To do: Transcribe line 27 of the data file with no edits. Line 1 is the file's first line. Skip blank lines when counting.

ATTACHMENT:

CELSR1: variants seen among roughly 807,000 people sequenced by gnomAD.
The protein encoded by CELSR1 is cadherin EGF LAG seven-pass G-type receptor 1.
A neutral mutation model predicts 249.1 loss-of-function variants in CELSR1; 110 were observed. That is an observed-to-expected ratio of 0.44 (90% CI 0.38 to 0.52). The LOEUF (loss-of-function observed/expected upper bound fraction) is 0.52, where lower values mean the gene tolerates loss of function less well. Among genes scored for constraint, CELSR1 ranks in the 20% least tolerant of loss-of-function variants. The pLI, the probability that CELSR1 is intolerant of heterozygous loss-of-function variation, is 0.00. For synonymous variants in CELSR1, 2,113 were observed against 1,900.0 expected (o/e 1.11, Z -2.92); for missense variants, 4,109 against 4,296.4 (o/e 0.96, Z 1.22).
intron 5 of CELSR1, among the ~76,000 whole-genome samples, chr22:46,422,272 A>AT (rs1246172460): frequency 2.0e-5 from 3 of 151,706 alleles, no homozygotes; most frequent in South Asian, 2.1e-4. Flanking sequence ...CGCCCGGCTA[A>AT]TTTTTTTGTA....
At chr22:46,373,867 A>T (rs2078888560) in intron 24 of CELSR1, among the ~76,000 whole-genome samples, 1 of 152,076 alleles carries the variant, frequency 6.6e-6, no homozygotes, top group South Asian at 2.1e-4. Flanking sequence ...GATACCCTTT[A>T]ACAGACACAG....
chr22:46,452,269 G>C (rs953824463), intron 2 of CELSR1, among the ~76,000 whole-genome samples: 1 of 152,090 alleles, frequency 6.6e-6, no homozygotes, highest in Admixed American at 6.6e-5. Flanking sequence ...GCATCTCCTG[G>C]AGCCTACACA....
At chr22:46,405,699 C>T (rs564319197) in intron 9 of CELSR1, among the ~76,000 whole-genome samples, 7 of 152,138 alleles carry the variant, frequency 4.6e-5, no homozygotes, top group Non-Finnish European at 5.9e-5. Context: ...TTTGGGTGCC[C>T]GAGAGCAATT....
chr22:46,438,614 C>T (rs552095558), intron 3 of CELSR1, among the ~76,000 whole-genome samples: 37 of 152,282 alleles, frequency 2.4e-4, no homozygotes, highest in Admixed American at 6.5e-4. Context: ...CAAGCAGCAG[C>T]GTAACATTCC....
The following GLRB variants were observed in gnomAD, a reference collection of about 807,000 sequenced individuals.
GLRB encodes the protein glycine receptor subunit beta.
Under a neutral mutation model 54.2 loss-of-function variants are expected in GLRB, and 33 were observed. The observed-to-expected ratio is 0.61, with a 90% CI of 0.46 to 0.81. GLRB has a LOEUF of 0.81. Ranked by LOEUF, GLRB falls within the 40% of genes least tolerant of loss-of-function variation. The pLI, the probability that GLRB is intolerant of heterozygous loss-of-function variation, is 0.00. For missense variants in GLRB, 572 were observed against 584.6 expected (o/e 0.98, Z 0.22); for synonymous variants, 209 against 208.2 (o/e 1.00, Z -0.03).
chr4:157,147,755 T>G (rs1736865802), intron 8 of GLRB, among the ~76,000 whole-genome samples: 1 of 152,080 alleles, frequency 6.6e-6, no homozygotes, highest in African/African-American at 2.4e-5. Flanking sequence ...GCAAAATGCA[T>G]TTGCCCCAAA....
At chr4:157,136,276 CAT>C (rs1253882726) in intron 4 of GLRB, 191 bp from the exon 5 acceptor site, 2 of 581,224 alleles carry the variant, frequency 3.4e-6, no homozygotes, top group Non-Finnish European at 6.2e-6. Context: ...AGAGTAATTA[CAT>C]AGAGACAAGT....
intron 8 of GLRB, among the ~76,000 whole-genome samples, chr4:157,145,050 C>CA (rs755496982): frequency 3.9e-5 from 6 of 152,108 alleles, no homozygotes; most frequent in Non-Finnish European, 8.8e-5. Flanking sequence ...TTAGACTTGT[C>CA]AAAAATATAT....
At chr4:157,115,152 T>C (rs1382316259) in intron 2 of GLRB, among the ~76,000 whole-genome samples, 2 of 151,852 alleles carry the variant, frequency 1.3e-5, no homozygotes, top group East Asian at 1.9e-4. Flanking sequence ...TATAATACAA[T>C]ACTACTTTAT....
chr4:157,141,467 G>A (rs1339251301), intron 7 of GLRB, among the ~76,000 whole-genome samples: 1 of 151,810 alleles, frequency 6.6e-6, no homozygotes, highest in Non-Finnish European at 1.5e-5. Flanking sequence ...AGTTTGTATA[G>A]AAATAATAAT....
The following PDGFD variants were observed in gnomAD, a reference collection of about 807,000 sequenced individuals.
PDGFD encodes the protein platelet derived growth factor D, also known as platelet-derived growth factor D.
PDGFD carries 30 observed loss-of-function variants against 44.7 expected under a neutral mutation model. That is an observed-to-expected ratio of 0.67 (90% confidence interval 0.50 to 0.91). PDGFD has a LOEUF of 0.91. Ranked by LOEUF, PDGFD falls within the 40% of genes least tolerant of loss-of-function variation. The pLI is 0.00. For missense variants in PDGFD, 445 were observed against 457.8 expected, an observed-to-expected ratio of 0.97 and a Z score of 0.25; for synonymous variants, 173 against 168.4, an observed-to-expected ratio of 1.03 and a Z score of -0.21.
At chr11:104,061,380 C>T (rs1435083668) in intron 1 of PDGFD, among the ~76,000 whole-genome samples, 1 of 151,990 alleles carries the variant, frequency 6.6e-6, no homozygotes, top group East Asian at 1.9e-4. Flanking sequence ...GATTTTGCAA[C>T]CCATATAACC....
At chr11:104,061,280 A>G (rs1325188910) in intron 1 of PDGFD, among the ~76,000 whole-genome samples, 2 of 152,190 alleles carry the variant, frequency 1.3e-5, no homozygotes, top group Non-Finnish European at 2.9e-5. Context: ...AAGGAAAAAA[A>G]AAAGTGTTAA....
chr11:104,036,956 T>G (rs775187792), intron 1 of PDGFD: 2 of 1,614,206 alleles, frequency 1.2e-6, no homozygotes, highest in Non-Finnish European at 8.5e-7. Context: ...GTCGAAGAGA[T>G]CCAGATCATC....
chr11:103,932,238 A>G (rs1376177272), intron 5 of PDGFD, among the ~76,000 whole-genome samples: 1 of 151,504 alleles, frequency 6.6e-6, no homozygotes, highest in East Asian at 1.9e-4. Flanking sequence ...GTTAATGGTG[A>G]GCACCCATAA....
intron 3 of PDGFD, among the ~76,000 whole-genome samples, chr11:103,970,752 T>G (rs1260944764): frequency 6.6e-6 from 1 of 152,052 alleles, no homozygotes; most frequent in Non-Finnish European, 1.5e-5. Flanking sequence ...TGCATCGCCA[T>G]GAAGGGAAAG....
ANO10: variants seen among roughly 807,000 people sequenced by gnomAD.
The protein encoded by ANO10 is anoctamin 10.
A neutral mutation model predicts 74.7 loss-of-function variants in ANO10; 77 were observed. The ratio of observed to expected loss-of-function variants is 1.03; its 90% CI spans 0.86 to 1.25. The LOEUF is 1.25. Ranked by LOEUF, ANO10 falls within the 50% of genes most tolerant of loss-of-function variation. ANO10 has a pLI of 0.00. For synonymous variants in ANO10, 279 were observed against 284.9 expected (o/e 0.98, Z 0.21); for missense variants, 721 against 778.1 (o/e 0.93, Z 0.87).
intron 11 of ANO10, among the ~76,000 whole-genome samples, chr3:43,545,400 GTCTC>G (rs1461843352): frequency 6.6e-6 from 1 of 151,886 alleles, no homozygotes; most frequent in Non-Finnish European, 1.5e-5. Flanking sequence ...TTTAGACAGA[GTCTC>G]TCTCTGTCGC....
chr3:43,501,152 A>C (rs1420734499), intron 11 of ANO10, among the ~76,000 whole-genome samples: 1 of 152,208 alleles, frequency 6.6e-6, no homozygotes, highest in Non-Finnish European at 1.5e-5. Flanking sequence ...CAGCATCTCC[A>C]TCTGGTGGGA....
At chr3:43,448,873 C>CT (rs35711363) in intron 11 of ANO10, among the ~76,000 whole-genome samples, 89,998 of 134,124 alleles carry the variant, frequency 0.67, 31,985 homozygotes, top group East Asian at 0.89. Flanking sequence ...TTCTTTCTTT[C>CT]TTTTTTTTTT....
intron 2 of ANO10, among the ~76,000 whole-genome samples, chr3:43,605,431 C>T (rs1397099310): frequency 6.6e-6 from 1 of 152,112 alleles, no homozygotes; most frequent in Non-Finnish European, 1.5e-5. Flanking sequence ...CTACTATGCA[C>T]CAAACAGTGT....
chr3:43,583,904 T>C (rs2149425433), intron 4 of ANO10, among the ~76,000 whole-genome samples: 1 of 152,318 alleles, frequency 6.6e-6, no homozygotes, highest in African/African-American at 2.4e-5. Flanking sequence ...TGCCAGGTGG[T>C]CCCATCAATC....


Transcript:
A neutral mutation model predicts 74.7 loss-of-function variants in ANO10; 77 were observed. The ratio of observed to expected loss-of-function variants is 1.03; its 90% CI spans 0.86 to 1.25. The LOEUF is 1.25. Ranked by LOEUF, ANO10 falls within the 50% of genes most tolerant of loss-of-function variation. ANO10 has a pLI of 0.00. For synonymous variants in ANO10, 279 were observed against 284.9 expected (o/e 0.98, Z 0.21); for missense variants, 721 against 778.1 (o/e 0.93, Z 0.87).